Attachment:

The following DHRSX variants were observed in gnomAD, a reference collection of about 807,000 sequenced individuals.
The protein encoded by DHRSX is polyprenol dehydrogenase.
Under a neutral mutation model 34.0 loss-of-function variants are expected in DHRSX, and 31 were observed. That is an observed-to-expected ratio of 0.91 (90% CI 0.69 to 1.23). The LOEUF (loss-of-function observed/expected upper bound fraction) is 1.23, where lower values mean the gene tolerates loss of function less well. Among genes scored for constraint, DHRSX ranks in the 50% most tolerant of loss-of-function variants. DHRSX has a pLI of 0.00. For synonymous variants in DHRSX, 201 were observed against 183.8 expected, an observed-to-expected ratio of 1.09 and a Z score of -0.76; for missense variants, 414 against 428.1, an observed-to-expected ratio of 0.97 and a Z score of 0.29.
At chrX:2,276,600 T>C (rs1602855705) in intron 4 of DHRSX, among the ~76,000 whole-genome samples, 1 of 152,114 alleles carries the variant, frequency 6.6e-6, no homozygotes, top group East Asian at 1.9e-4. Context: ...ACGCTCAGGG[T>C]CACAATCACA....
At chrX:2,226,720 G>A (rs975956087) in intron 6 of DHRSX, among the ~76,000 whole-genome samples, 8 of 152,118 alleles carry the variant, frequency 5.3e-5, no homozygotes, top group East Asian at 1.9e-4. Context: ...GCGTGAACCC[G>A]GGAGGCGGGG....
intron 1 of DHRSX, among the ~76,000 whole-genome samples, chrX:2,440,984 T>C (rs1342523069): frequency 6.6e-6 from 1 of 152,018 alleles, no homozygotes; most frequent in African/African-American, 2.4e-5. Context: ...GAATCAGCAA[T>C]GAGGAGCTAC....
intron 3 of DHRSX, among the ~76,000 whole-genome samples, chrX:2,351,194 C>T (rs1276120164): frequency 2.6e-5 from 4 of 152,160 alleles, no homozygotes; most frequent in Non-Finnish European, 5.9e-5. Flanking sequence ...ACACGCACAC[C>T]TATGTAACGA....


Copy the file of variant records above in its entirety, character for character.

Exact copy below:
The following DHRSX variants were observed in gnomAD, a reference collection of about 807,000 sequenced individuals.
The protein encoded by DHRSX is polyprenol dehydrogenase.
Under a neutral mutation model 34.0 loss-of-function variants are expected in DHRSX, and 31 were observed. That is an observed-to-expected ratio of 0.91 (90% CI 0.69 to 1.23). The LOEUF (loss-of-function observed/expected upper bound fraction) is 1.23, where lower values mean the gene tolerates loss of function less well. Among genes scored for constraint, DHRSX ranks in the 50% most tolerant of loss-of-function variants. DHRSX has a pLI of 0.00. For synonymous variants in DHRSX, 201 were observed against 183.8 expected, an observed-to-expected ratio of 1.09 and a Z score of -0.76; for missense variants, 414 against 428.1, an observed-to-expected ratio of 0.97 and a Z score of 0.29.
At chrX:2,276,600 T>C (rs1602855705) in intron 4 of DHRSX, among the ~76,000 whole-genome samples, 1 of 152,114 alleles carries the variant, frequency 6.6e-6, no homozygotes, top group East Asian at 1.9e-4. Context: ...ACGCTCAGGG[T>C]CACAATCACA....
At chrX:2,226,720 G>A (rs975956087) in intron 6 of DHRSX, among the ~76,000 whole-genome samples, 8 of 152,118 alleles carry the variant, frequency 5.3e-5, no homozygotes, top group East Asian at 1.9e-4. Context: ...GCGTGAACCC[G>A]GGAGGCGGGG....
intron 1 of DHRSX, among the ~76,000 whole-genome samples, chrX:2,440,984 T>C (rs1342523069): frequency 6.6e-6 from 1 of 152,018 alleles, no homozygotes; most frequent in African/African-American, 2.4e-5. Context: ...GAATCAGCAA[T>C]GAGGAGCTAC....
intron 3 of DHRSX, among the ~76,000 whole-genome samples, chrX:2,351,194 C>T (rs1276120164): frequency 2.6e-5 from 4 of 152,160 alleles, no homozygotes; most frequent in Non-Finnish European, 5.9e-5. Flanking sequence ...ACACGCACAC[C>T]TATGTAACGA....